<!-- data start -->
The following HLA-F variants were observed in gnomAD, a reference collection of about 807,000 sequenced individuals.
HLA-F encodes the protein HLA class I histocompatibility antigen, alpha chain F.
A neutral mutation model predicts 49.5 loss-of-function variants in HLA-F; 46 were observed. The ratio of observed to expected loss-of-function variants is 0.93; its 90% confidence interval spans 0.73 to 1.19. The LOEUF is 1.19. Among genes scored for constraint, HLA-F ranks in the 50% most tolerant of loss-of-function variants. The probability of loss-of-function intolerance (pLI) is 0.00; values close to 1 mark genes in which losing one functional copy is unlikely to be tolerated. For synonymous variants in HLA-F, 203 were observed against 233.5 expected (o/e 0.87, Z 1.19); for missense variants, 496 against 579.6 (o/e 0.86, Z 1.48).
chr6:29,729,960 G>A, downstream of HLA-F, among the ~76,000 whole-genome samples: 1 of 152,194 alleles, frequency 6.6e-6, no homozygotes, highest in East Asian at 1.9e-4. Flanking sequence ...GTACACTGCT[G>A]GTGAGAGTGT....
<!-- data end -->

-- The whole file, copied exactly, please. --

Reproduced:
The following HLA-F variants were observed in gnomAD, a reference collection of about 807,000 sequenced individuals.
HLA-F encodes the protein HLA class I histocompatibility antigen, alpha chain F.
A neutral mutation model predicts 49.5 loss-of-function variants in HLA-F; 46 were observed. The ratio of observed to expected loss-of-function variants is 0.93; its 90% confidence interval spans 0.73 to 1.19. The LOEUF is 1.19. Among genes scored for constraint, HLA-F ranks in the 50% most tolerant of loss-of-function variants. The probability of loss-of-function intolerance (pLI) is 0.00; values close to 1 mark genes in which losing one functional copy is unlikely to be tolerated. For synonymous variants in HLA-F, 203 were observed against 233.5 expected (o/e 0.87, Z 1.19); for missense variants, 496 against 579.6 (o/e 0.86, Z 1.48).
chr6:29,729,960 G>A, downstream of HLA-F, among the ~76,000 whole-genome samples: 1 of 152,194 alleles, frequency 6.6e-6, no homozygotes, highest in East Asian at 1.9e-4. Flanking sequence ...GTACACTGCT[G>A]GTGAGAGTGT....